My personal experience with this rotten condition has been horrid. I am certain I would have been more successful in my career without depression. For years, especially when I was younger, I wasn’t treated properly. As I got older, I was blamed for the illness that gripped me, as though it was a choice I made. I was called “lazy,” and put on meds that had me gain a ton of weight. People I loved mocked my illness, likely out of discomfort they may have it themselves. (They’re not much in the picture anymore.) In any case, there was not a lot of empathy.

We can’t stop suicide and depression. But we can understand it a lot better. I raise money for Movember, which supports research for men’s cancer and also the depression that can accompany it. This is something tangible I feel I can do. But all of us can do this: we can stop telling people with depression to “cheer up.” We can be more sensitive to this very real, very misunderstood disease.

Those of us with depression do not want to be treated as a protected class. We don’t want special rights or to be treated gently. You can’t make me depressed any more than you can make me a lefty. Empathy and acceptance are an enormous gift to those struggling to ignore the mean messages from their own minds.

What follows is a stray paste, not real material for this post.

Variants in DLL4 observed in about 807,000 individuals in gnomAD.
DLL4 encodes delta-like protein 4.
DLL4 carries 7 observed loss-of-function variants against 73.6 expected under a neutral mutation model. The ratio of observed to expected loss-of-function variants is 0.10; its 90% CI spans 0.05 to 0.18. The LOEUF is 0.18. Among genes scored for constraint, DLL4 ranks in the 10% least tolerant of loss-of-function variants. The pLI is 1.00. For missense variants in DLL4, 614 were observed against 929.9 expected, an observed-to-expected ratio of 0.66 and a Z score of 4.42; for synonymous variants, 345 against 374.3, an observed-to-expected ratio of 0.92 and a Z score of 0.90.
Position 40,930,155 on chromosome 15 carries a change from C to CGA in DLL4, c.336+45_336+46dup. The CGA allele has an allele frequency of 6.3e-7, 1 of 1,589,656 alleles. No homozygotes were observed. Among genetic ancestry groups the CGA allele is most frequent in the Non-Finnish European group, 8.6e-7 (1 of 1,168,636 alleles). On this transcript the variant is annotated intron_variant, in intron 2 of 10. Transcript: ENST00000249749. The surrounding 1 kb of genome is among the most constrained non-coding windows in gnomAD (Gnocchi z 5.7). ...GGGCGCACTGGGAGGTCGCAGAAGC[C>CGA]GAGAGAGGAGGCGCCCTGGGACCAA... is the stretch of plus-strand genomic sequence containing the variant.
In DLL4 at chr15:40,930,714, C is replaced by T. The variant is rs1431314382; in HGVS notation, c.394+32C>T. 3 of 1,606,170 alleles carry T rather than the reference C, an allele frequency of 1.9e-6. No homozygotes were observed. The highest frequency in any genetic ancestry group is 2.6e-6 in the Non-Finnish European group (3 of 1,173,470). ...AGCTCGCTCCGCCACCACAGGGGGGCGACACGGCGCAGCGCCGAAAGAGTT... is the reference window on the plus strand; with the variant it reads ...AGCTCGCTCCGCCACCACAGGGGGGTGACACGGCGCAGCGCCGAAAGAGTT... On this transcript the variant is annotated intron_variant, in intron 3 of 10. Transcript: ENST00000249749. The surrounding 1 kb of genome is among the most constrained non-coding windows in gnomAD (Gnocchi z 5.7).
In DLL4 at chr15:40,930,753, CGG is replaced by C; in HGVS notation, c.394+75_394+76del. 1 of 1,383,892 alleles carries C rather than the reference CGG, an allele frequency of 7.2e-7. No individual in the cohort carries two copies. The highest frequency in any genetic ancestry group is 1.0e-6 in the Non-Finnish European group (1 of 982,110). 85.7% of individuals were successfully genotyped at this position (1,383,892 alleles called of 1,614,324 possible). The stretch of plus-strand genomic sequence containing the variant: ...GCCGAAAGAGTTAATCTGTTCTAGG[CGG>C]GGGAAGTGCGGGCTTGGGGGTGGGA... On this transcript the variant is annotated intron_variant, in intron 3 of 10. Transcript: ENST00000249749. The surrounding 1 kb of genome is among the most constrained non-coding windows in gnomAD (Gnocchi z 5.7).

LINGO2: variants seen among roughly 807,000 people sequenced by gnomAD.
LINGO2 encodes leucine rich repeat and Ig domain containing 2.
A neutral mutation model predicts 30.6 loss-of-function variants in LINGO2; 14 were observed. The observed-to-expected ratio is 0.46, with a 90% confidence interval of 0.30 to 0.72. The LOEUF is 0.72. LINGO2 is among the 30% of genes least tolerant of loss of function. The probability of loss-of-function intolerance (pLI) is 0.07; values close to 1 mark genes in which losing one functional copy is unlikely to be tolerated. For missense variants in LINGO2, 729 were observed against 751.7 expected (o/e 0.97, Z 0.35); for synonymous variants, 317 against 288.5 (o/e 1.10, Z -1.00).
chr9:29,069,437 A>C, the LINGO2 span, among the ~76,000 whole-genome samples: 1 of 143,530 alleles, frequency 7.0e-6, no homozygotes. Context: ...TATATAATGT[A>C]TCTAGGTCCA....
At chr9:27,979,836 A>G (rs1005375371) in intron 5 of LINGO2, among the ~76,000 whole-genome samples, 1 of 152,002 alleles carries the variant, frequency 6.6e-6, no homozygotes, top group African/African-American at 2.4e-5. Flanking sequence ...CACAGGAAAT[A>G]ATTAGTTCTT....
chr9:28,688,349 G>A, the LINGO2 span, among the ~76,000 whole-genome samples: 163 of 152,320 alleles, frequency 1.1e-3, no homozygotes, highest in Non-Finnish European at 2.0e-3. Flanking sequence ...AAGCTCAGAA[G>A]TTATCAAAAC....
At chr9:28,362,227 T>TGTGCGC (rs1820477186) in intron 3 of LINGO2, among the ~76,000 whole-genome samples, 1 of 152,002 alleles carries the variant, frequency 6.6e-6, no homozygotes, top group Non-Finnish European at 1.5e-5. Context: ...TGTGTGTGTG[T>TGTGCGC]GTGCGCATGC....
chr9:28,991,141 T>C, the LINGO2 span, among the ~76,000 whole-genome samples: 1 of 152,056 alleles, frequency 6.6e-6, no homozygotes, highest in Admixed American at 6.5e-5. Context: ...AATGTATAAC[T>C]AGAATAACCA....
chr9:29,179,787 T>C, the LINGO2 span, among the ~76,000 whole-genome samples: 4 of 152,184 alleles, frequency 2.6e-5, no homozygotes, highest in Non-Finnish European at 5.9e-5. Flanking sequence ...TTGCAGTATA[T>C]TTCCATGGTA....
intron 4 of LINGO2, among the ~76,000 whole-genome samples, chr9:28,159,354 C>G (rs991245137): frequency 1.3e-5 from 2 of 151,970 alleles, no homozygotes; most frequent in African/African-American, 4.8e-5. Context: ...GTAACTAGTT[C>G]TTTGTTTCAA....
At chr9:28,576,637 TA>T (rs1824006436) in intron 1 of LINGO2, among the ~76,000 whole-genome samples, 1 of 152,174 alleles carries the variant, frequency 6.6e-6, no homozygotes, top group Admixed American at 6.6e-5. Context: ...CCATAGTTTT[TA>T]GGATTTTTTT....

Think about Robin Williams. Think about Kate Spade. Think about Anthony Bourdain. Think about the joy they brought you in their unique ways. Think about what you would have said to them, knowing they were going to take their lives. “Don’t do that” would not have worked. Instead of shameful, head-shaking whispers, let’s acknowledge suicide as the growing epidemic it is, and insist health care do more to support mental health.

Depression is not about what we have; it’s about what has us.

Ice cream… by Dan Hines

Guest blogger, Dan Hines hopes you enjoy the warmer months. Savor his words, and maybe a vanilla cone, dipped in butterscotch.

Ice cream isn’t just ice cream.

Right? Follow along… you know this.